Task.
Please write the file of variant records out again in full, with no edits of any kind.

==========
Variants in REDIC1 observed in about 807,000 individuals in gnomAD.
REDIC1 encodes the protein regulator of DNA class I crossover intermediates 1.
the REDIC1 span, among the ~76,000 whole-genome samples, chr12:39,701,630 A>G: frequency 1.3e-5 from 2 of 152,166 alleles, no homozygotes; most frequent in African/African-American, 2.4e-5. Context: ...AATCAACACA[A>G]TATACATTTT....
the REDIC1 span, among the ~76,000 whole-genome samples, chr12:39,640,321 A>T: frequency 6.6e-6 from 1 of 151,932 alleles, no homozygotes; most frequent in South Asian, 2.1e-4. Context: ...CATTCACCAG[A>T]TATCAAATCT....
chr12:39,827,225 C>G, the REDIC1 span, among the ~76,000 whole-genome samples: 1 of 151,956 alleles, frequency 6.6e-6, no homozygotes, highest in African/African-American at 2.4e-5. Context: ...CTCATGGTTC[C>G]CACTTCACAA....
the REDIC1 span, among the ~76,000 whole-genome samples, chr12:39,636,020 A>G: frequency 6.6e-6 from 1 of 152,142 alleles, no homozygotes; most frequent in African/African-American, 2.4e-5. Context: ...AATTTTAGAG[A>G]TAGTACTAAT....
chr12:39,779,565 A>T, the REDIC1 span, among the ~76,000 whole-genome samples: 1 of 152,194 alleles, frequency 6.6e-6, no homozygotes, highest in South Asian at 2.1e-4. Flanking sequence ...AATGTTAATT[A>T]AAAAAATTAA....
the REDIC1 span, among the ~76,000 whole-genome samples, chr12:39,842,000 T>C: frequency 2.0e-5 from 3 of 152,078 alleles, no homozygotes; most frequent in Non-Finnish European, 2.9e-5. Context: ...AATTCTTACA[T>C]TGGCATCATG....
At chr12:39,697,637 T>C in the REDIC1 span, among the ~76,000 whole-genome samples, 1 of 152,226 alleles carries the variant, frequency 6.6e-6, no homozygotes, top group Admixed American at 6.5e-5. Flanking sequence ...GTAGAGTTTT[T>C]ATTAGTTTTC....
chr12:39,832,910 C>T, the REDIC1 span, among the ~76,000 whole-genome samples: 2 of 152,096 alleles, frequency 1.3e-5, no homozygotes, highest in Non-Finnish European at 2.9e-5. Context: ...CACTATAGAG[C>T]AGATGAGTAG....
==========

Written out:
Variants in REDIC1 observed in about 807,000 individuals in gnomAD.
REDIC1 encodes the protein regulator of DNA class I crossover intermediates 1.
the REDIC1 span, among the ~76,000 whole-genome samples, chr12:39,701,630 A>G: frequency 1.3e-5 from 2 of 152,166 alleles, no homozygotes; most frequent in African/African-American, 2.4e-5. Context: ...AATCAACACA[A>G]TATACATTTT....
the REDIC1 span, among the ~76,000 whole-genome samples, chr12:39,640,321 A>T: frequency 6.6e-6 from 1 of 151,932 alleles, no homozygotes; most frequent in South Asian, 2.1e-4. Context: ...CATTCACCAG[A>T]TATCAAATCT....
chr12:39,827,225 C>G, the REDIC1 span, among the ~76,000 whole-genome samples: 1 of 151,956 alleles, frequency 6.6e-6, no homozygotes, highest in African/African-American at 2.4e-5. Context: ...CTCATGGTTC[C>G]CACTTCACAA....
the REDIC1 span, among the ~76,000 whole-genome samples, chr12:39,636,020 A>G: frequency 6.6e-6 from 1 of 152,142 alleles, no homozygotes; most frequent in African/African-American, 2.4e-5. Context: ...AATTTTAGAG[A>G]TAGTACTAAT....
chr12:39,779,565 A>T, the REDIC1 span, among the ~76,000 whole-genome samples: 1 of 152,194 alleles, frequency 6.6e-6, no homozygotes, highest in South Asian at 2.1e-4. Flanking sequence ...AATGTTAATT[A>T]AAAAAATTAA....
the REDIC1 span, among the ~76,000 whole-genome samples, chr12:39,842,000 T>C: frequency 2.0e-5 from 3 of 152,078 alleles, no homozygotes; most frequent in Non-Finnish European, 2.9e-5. Context: ...AATTCTTACA[T>C]TGGCATCATG....
At chr12:39,697,637 T>C in the REDIC1 span, among the ~76,000 whole-genome samples, 1 of 152,226 alleles carries the variant, frequency 6.6e-6, no homozygotes, top group Admixed American at 6.5e-5. Flanking sequence ...GTAGAGTTTT[T>C]ATTAGTTTTC....
chr12:39,832,910 C>T, the REDIC1 span, among the ~76,000 whole-genome samples: 2 of 152,096 alleles, frequency 1.3e-5, no homozygotes, highest in Non-Finnish European at 2.9e-5. Context: ...CACTATAGAG[C>T]AGATGAGTAG....